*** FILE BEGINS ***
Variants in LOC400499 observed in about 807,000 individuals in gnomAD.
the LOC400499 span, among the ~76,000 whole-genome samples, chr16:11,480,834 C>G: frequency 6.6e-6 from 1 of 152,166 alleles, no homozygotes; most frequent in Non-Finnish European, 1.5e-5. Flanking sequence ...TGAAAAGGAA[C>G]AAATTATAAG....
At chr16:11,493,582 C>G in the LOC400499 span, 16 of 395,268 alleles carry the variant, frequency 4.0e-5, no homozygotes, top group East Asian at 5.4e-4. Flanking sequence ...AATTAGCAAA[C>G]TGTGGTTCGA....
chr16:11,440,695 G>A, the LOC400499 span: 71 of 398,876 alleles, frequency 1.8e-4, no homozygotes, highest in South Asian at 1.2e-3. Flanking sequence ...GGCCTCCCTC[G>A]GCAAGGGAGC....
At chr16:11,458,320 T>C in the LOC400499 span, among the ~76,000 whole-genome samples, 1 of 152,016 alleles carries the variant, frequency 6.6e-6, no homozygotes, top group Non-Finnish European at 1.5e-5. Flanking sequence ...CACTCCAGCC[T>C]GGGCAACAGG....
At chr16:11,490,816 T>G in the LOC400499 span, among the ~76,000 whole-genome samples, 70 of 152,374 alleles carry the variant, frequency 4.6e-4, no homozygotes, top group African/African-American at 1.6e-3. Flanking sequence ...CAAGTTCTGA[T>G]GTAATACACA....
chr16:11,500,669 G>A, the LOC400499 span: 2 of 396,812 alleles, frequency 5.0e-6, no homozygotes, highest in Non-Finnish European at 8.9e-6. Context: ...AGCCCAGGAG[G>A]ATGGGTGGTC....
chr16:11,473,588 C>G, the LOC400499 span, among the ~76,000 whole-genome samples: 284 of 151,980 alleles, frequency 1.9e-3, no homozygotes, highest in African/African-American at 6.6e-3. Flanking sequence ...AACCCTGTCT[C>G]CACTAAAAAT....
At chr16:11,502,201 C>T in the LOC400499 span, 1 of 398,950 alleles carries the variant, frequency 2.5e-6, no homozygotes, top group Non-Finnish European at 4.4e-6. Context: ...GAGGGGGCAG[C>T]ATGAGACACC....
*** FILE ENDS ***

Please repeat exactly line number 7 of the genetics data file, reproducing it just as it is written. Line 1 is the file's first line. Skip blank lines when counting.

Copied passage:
chr16:11,500,669 G>A, the LOC400499 span: 2 of 396,812 alleles, frequency 5.0e-6, no homozygotes, highest in Non-Finnish European at 8.9e-6. Context: ...AGCCCAGGAG[G>A]ATGGGTGGTC....